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Why is My Houseplant Turning Brown?

Houseplant leaves may turn brown for a variety of reasons. This most often occurs when a houseplant does not have the requisite water and nutrients to support its current foliage, and the leaves start to die back. Often, there’s nothing that can be done to save the withered growth, and it should be pruned from the plant to make room for new growth. By understanding the cause of the browning leaves, you can hopefully ensure the plant can support and maintain green, healthy growth in the future. Much of the time, you can accurately diagnose why your houseplant leaves are turning brown by looking at the timing and circumstances of the discoloration.

Most Common Reasons Houseplants Turn Brown

Too Much Sunlight: Direct solar rays can burn many types of houseplants. Dried leaves naturally turn brown. If your houseplant is turning brown in the summer and especially if it’s a houseplant in a south- or west-facing window, then it’s likely sun damage. This type of browning almost always starts with the tips of leaves or other parts of the plant that are closest to the window. As a remedy, prune back the damaged part of the plant. Next, consider moving the plant to an east- or north-facing window, or moving it further back from the window if possible. You should also closely monitor the soil moisture level to make sure this isn’t contributing to the sun damage.

Underwatering: Plants that don’t receive enough will also dry out and turn brown. Underwatering is often connected with summer and sunlight, especially if you first started caring for the plant in colder weather. Most houseplants need more water in summer as evaporation increases. At the same time, browning plant leaves will occur due to underwatering regardless of the season. The winter season brings dry air for houseplants, especially in homes with forced air heating. Along with holiday travel, it’s easy to forget your houseplant watering. The solution here is to increase the amount of water you give the houseplant—albeit gradually. First, you need to be sure the problem is underwatering, but you also don’t want to overcorrect. Too much water can lead to root rot.

Pests: Yellow is a more common discoloration with houseplant pests which tend to steal nutrients from the plant. Once the pest damage hits a critical point, leaves may begin to die back and it’s more common for them to turn brown. Any unusual discoloration—but especially yellow, brown, white and black—may be a symptom of a pest infestation. The initial discoloration may be spotted and/or clustered based on where the insects are attacking the plant. If you see bugs on your plant or other signs of houseplant pests, then you should begin insecticide treatment as soon as possible.

Root Rot: Here, too, houseplants that turn yellow are more common with root rot—at least with the leaves. Root rot occurs when the soil is oversaturated and the roots become waterlogged. The leaves are more likely to turn yellow, but the roots will turn brown. If you expose a portion of the roots and they look brown and feel soft to the touch, then there’s a good chance that the discoloration you’re seeing is root rot. The solution here is to remove the affected roots, and the discolored leaves, and repot the healthy portion of the plant. Closely monitor the watering schedule going forward.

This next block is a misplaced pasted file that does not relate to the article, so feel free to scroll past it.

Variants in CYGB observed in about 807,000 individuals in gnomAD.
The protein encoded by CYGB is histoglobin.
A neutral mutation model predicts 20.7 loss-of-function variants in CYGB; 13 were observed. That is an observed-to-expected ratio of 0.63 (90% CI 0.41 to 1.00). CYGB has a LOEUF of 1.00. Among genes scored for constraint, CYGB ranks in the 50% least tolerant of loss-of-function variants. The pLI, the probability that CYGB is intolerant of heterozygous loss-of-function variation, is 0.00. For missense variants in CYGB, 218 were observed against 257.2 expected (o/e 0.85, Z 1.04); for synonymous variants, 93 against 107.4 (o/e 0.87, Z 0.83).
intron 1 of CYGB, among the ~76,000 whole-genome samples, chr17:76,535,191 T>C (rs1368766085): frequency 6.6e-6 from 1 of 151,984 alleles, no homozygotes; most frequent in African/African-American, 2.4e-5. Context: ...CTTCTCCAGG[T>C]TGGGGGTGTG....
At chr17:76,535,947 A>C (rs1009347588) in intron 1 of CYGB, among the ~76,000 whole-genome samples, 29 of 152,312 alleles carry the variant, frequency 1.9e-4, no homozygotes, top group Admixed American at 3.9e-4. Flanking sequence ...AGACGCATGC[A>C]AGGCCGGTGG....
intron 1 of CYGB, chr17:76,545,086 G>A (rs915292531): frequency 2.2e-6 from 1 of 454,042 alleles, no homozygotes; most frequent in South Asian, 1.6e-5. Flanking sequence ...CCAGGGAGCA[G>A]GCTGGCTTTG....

Water and Soil Quality: If leaves continue to turn brown, but don’t seem to be seriously harming the plant, it could have something to do with the water quality. If our tap water has high levels of fluoride or hard alkaline minerals, it can affect the soil quality and health of the roots. Adding a water softener is NOT the solution. These salts will interfere with houseplant roots even more. Another common reason for houseplants turning brown is adding too much fertilizer which will also disrupt the roots ability to deliver water and nutrients to the plant.

Houseplant Turning Brown: Why It’s Important to Know the Type

A lot of times, you can tell from the situation why a houseplant is turning brown. Other times, it’s not as obvious. Knowing the type of houseplant can help you diagnose the discoloration. For example, a drought-resistant plant that loves sunlight is less likely to be seriously harmed by the summer sun. However, in late summer and fall, houseplant pests are also more likely to find their way inside your home and may be the hidden cause of houseplants turning brown. Finally, there may be multiple, contributing causes. The summer sun may start to burn houseplants, or maybe you overcompensate and overwater a plant slightly. This weakens the plant just enough for a common houseplant pest to get a foothold.

Once you recognize why a houseplant is turning brown, you’ll know how to treat and care for the houseplant to help it recover. Sometimes, a houseplant simply can’t be saved—or else the best chance to save the plant is to isolate the healthiest growth and put this part of the plant in a new pot.  

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